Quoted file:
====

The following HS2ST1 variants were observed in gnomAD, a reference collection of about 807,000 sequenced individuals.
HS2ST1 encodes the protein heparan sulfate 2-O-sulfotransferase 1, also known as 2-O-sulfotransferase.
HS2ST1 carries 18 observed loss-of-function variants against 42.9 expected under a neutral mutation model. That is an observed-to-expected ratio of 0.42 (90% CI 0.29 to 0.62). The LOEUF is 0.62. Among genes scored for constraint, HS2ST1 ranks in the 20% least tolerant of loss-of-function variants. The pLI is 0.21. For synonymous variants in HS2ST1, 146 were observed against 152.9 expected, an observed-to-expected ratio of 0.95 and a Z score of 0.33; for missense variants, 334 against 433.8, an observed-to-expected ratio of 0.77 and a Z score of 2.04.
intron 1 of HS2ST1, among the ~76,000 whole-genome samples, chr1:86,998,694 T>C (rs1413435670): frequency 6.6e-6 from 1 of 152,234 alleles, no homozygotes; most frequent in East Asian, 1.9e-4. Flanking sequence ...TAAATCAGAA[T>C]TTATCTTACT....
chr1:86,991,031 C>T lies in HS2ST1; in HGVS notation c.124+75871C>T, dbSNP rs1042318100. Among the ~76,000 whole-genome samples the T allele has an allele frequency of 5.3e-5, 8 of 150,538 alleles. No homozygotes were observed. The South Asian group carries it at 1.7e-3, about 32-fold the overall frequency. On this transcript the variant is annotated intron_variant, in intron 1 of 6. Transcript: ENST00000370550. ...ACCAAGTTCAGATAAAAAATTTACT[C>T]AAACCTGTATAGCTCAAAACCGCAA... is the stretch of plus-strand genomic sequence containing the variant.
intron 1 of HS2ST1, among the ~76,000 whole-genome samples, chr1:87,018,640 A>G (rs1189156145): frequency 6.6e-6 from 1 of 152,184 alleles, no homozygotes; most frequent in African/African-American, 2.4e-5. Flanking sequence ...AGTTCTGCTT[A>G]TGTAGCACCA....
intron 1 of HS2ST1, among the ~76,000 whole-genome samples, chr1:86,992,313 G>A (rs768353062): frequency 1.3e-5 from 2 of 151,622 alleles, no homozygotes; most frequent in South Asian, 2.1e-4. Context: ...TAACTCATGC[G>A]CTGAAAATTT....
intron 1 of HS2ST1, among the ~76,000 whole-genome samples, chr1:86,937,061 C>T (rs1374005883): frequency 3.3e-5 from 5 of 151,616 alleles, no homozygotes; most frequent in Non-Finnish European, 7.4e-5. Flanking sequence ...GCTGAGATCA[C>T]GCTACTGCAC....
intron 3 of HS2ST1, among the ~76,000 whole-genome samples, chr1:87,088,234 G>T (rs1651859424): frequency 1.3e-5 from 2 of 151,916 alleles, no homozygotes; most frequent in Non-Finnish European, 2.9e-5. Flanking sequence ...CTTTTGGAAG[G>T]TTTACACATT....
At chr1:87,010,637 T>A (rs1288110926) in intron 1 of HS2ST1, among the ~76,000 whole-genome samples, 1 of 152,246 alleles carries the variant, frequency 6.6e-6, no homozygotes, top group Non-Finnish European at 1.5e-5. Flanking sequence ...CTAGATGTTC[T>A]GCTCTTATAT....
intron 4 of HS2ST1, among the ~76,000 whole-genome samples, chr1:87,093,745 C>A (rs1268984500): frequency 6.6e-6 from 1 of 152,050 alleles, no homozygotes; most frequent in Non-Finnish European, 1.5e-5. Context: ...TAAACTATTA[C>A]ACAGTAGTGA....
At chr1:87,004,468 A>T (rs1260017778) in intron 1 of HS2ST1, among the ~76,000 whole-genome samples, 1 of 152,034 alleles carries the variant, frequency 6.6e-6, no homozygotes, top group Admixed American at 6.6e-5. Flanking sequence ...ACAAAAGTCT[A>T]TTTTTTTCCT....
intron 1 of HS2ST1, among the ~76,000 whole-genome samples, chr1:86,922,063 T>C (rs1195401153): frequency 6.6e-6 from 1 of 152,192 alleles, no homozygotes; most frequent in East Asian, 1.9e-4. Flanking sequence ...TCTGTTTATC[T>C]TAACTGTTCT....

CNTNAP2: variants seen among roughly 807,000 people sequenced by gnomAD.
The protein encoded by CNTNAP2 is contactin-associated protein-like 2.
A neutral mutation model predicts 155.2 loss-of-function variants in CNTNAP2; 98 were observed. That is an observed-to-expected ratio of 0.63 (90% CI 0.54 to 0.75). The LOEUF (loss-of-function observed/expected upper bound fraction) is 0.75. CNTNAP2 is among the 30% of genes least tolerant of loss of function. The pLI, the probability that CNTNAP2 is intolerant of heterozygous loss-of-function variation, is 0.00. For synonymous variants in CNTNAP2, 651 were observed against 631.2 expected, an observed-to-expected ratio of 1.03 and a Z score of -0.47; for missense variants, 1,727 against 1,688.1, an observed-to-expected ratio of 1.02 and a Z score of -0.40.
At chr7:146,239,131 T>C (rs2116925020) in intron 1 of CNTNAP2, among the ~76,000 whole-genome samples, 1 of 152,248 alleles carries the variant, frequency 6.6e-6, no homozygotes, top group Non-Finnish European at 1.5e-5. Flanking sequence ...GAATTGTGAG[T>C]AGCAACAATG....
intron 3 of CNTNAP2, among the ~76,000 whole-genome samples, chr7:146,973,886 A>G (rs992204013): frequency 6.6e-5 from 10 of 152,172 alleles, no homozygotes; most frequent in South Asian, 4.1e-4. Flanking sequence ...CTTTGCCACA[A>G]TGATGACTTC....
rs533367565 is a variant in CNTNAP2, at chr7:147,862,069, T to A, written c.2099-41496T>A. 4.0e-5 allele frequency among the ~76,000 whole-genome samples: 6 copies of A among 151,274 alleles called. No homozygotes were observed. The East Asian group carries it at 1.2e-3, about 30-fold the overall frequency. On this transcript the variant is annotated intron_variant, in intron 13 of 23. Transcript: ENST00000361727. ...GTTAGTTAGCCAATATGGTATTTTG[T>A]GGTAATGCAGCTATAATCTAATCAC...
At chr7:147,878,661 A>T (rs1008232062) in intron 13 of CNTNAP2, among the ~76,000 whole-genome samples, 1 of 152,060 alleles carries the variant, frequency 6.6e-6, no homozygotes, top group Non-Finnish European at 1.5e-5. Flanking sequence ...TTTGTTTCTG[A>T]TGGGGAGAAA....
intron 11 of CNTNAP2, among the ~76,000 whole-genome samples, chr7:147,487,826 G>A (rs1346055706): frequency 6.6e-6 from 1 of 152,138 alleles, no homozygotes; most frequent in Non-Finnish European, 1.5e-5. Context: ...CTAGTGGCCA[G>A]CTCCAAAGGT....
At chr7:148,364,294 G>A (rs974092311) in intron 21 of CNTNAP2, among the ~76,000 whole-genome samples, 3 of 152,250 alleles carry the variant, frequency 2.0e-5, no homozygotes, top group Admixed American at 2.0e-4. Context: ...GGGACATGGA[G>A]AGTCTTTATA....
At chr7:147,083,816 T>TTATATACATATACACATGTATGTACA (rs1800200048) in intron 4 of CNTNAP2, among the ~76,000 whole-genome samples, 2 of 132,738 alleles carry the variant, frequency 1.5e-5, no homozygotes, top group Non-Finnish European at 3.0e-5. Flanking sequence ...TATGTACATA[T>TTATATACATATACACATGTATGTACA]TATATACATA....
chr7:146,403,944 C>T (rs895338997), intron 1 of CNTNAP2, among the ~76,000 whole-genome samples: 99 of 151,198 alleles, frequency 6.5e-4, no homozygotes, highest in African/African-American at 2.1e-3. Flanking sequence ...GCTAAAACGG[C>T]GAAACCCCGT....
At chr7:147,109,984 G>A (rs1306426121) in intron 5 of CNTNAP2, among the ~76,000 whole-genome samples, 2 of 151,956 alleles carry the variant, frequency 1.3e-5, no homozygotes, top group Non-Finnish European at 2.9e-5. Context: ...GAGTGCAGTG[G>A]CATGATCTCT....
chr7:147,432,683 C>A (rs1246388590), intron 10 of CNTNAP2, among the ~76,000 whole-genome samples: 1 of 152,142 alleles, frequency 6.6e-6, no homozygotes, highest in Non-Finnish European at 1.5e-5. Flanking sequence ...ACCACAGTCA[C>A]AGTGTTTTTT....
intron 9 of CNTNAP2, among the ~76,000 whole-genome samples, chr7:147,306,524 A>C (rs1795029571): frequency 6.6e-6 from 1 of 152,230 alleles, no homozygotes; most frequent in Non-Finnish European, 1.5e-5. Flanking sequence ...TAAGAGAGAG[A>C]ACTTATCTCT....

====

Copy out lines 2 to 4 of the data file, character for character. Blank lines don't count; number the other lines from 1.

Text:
HS2ST1 encodes the protein heparan sulfate 2-O-sulfotransferase 1, also known as 2-O-sulfotransferase.
HS2ST1 carries 18 observed loss-of-function variants against 42.9 expected under a neutral mutation model. That is an observed-to-expected ratio of 0.42 (90% CI 0.29 to 0.62). The LOEUF is 0.62. Among genes scored for constraint, HS2ST1 ranks in the 20% least tolerant of loss-of-function variants. The pLI is 0.21. For synonymous variants in HS2ST1, 146 were observed against 152.9 expected, an observed-to-expected ratio of 0.95 and a Z score of 0.33; for missense variants, 334 against 433.8, an observed-to-expected ratio of 0.77 and a Z score of 2.04.
intron 1 of HS2ST1, among the ~76,000 whole-genome samples, chr1:86,998,694 T>C (rs1413435670): frequency 6.6e-6 from 1 of 152,234 alleles, no homozygotes; most frequent in East Asian, 1.9e-4. Flanking sequence ...TAAATCAGAA[T>C]TTATCTTACT....